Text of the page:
Of course, nobody can deliver on that request because hardly any developer has said, I come only with the Red Line, let alone have any developers or companies committed to a certain number of jobs should the transit line be realized. Not with that being at least eight years away, even if all goes by schedule.
Still, Red Line Now produced a very convincing document that names specific developments, specific investors and developers and quotes their desire to see this line being built. There is no denying that the welfare of this entire metro region will depend on a competitive transit system. The issue isn't really what the line costs or how many jobs it will directly create, the issue is if this area can continue to be attractive to residents and businesses alike if the transportation and the transit system remain sub-par.
This is what Grant Corley of Red Line Now! wrote in his transmittal letter to Rahn:
On the following pages, you will find data for more than 30 projects
along the Red Line corridor, which we have informally gathered
to the best of our ability and knowledge. Our information
was collected by speaking with developers, contacting local institutions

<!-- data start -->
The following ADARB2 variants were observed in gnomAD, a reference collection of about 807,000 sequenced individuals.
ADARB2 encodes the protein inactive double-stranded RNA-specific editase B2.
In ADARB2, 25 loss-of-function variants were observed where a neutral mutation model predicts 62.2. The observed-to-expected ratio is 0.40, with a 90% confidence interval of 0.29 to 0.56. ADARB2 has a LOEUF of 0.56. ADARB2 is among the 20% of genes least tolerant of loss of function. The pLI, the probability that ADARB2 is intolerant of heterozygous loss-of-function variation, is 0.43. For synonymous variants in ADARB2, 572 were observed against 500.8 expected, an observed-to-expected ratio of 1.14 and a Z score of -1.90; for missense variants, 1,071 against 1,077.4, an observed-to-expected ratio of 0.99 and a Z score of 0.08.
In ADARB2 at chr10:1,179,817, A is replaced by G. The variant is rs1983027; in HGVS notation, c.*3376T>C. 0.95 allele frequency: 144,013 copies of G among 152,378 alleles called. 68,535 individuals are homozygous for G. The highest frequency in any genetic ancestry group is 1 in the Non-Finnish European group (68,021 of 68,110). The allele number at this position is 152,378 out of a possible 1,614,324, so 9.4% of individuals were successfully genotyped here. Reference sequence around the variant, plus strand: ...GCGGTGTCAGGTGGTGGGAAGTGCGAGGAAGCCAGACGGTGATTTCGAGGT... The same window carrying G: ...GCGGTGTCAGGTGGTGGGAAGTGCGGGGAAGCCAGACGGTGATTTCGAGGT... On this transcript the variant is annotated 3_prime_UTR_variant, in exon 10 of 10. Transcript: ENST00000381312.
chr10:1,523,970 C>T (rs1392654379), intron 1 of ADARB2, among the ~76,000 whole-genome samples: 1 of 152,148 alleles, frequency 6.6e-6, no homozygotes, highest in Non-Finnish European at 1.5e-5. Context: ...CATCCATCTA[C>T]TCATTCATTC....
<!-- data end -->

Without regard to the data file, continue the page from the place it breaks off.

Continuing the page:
such as the Downtown Partnership, and researching developments
in the local business news. Therefore, while we cannot
claim this to be a scientific or all-inclusive survey, it does help
capture the temperature of development and economic activity
along the corridor.
In total, we have identified at least 6.5 million square feet of developments
new, planned, and in progress along the Red Line
corridor—representing at least 12,000 construction jobs, 10,000
permanent jobs, and more than $3 billion in private investment.
We cannot guarantee how many of these jobs are directly contingent
upon the completion of the Red Line; we cannot see into
the future. However, we can say confidently that the long-term
economic impact of the Red Line goes far beyond specific projects
in planning or construction today. Furthermore, the tendency of
quality transit to encourage greater density and agglomeration of
jobs, residences, and amenities around existing hubs is well known.
That’s why we urge you, in making your decision, to consider
the broader context of mobility, congestion and job access issues
addressed by the Red Line. A narrow focus on “but for” jobs is
simply not enough, and is not the reason we invest in new transportation
infrastructure—whether it be roads or transit.
Klaus Philipsen, FAIA
I have been a consultant for the Red Line project since its inception in 2002 and was most recently part of a team looking at community development, station area planning and land use. This work has been suspended since January awaiting a decision by the new governor regarding this project and the Washington area Purple Line